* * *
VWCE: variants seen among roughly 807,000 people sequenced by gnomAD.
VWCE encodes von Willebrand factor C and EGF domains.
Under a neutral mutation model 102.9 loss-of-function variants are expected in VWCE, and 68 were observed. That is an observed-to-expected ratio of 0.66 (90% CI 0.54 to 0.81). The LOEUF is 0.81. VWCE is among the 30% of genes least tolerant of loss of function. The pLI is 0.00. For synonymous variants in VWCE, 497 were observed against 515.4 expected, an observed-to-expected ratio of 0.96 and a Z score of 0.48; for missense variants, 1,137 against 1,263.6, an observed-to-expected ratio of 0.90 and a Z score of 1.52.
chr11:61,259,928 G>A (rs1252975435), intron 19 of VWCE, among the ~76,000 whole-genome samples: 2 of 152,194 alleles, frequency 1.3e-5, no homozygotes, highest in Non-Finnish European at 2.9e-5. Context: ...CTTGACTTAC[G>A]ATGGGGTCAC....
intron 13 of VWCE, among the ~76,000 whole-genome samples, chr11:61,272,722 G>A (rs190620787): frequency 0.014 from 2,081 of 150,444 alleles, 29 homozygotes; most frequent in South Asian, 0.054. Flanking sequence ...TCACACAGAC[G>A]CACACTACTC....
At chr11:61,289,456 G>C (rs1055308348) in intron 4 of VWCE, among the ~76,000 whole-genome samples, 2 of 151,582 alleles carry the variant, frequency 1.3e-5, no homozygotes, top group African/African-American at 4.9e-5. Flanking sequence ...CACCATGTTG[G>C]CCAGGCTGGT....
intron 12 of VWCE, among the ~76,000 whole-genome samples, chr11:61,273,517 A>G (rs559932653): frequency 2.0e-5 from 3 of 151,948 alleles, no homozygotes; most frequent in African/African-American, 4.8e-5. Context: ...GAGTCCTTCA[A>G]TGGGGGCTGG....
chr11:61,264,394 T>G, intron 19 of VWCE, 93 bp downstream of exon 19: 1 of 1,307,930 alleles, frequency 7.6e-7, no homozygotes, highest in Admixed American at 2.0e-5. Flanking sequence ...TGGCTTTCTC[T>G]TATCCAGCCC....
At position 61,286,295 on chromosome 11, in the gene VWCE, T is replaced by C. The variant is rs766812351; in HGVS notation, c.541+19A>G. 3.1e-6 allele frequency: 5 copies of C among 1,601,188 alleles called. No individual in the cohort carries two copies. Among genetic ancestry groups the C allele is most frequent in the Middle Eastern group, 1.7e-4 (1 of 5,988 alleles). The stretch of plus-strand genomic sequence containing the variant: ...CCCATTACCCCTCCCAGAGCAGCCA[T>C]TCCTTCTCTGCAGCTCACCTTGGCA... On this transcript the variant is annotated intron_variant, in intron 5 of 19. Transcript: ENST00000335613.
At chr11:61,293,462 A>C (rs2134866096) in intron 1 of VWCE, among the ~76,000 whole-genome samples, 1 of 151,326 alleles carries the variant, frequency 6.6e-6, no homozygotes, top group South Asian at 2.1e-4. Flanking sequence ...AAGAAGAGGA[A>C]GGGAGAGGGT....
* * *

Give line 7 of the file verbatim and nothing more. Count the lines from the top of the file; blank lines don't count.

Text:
intron 12 of VWCE, among the ~76,000 whole-genome samples, chr11:61,273,517 A>G (rs559932653): frequency 2.0e-5 from 3 of 151,948 alleles, no homozygotes; most frequent in African/African-American, 4.8e-5. Context: ...GAGTCCTTCA[A>G]TGGGGGCTGG....